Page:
Vanessa

  6. Debbie Scales

    I think it is premature to publish such an article but some valid points are made. Some the issues are that there is just enough time or teacher to go around a classroom where everyone is on a different pathway to the same goal. We try that at our school but it is stressing on the teachers. Every thing the students are expected to know by the end of the course are broken down into small, measurable goals and whatever that one student needs to do to accomplish each step is provided. It is very time consuming. Seems like it would be less stressful to have very small classes but then their is the money equation as well. Our school is a ministry of our parish and as such, our families do not pay tuition!

    I think these powerful drugs do need to be monitored better and the side effects and adverse effects need to be in writing and given not only to the client but a significant other who might notice these things before the client does.

  7. Isobel Rimmer

    It is indeed a terrible terrible tragedy. Caused by the ludicrous US system that makes it possible for someone (on or not on medication or suffering depression) to get access to ridiculous amounts of weapons and ammunition. The sooner Obama changes legislation in the US the better for the whole world.

    Isobel
    United Kingdom

  8. John Schaub

    How can one not be enraged by the horror of the latest school shooting in America. But as an observer from far away Australia, I sadly have to report that many people around me simply sigh and reluctantly ask why America chooses to be like this.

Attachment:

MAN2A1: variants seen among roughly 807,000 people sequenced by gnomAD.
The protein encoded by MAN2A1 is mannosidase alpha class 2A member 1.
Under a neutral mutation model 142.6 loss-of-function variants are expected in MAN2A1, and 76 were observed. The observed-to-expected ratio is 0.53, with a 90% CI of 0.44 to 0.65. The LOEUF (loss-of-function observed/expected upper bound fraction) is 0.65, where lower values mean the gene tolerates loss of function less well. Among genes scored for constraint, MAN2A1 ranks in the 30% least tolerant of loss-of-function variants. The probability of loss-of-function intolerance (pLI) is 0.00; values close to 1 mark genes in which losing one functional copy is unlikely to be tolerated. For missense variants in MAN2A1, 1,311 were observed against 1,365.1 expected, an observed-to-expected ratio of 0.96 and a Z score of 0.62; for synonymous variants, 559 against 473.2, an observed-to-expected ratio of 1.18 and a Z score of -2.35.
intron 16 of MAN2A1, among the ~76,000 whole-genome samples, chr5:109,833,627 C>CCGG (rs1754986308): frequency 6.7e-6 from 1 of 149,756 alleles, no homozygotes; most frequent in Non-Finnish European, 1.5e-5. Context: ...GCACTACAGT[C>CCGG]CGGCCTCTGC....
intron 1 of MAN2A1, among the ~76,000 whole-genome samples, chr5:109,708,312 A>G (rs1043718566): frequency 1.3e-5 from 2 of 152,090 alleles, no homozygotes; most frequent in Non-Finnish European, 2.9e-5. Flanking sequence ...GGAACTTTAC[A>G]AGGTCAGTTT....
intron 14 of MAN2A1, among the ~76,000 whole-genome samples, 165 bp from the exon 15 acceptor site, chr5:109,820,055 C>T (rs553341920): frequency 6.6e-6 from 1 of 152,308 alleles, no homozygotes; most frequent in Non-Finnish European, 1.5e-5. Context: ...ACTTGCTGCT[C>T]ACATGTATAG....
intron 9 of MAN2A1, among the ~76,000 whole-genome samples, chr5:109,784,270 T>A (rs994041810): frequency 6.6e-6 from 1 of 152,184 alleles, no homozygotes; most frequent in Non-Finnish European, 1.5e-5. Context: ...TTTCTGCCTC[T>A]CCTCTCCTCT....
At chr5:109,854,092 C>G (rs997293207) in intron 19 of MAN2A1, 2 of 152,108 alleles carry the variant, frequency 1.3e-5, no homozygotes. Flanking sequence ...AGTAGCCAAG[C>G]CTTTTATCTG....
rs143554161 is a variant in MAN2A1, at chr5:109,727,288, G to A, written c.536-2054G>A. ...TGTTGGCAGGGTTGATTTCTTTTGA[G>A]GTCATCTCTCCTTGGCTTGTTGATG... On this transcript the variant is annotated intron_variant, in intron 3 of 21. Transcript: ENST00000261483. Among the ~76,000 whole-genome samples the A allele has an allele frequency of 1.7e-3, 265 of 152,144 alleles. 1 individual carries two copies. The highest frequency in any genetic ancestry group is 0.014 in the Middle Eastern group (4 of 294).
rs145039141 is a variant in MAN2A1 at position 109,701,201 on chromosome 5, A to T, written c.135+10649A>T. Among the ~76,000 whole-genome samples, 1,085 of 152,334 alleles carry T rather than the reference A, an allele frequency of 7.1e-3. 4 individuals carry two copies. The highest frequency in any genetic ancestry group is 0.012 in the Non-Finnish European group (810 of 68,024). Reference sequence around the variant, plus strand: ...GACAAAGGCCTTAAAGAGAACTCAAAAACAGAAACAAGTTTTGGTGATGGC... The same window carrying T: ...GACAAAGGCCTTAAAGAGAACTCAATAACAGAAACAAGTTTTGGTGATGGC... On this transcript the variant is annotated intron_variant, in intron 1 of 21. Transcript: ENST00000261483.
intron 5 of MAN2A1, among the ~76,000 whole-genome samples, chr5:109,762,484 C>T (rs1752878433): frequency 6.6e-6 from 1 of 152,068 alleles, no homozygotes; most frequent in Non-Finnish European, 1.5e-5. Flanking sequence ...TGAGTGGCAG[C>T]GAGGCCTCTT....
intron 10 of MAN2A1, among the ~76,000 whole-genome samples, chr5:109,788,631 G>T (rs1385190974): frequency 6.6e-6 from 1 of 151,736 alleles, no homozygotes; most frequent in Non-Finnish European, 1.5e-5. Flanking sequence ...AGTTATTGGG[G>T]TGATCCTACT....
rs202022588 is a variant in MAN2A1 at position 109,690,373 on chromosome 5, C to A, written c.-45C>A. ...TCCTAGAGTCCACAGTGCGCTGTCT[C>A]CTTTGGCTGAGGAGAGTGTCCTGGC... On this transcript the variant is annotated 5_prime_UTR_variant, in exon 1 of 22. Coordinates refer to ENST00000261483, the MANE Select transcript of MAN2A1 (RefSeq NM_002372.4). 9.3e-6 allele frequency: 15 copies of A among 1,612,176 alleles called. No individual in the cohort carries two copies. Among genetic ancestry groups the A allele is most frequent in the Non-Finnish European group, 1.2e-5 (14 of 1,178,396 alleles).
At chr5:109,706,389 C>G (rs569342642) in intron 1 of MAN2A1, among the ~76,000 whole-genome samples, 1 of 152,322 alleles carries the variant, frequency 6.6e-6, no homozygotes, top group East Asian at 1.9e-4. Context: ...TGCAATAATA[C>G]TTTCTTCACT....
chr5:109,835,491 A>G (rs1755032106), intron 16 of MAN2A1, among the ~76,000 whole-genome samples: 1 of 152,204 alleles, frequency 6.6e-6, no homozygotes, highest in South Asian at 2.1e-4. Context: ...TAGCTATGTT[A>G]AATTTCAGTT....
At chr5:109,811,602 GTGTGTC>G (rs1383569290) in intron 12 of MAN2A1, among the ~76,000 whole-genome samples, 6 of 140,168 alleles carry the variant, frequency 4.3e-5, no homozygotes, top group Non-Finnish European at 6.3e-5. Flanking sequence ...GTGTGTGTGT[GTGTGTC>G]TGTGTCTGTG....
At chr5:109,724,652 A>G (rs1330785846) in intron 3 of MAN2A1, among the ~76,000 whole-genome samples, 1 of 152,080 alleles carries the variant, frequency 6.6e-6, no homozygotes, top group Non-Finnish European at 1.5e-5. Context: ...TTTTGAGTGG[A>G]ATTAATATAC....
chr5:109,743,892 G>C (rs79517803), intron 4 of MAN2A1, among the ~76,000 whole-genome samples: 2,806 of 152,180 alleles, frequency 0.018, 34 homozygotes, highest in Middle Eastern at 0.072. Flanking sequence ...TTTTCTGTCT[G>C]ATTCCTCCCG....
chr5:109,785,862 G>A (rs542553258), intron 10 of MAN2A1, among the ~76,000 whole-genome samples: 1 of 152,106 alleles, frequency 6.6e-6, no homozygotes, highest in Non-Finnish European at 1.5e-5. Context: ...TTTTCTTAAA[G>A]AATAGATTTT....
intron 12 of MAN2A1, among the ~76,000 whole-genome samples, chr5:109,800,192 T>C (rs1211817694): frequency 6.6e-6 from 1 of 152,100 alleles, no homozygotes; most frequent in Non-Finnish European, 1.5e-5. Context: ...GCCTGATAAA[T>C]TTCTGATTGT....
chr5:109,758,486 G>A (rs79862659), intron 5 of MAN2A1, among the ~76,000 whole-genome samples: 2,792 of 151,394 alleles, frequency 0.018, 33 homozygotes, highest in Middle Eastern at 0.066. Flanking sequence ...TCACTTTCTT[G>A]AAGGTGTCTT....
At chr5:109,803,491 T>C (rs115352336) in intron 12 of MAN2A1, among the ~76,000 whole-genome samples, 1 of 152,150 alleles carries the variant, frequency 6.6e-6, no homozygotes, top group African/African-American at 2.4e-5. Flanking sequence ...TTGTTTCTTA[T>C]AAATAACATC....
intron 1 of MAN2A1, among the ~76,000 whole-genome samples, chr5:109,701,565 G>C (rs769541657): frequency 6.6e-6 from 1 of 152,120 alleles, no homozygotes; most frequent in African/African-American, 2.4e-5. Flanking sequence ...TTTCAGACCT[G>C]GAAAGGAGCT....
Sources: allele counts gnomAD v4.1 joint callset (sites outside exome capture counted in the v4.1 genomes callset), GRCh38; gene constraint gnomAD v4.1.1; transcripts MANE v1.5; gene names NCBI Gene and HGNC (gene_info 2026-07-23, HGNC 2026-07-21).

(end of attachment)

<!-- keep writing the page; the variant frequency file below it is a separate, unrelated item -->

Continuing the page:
We, in this country, are forever grateful for the many examples of right living that your great country has given the world since nationhood. Now could be the time for earnest reflection. Maybe the nation is somewhat blinded by its enviable successes and fails to notice shortcomings in its worsening affairs. Rightly or wrongly, America is increasingly perceived as in decline as a force for moral good.

    As an author, my hope is that you can influence public discourse and help your fellow countrymen to recapture a vision for the nation in preference to apportioning blame for its ills. This shooting is horrific. Maybe the answer does not lie in gun control at all, but on your nation’s reverence for power to the few over comprehensive civic inclusion.

    To paraphrase Maxwell Smart, an American hero of mine, ‘Use America’s energy for good and not evil!’ Change may be uncomfortable, but as America has proven so many times before, it can do anything it sincerely puts its mind to.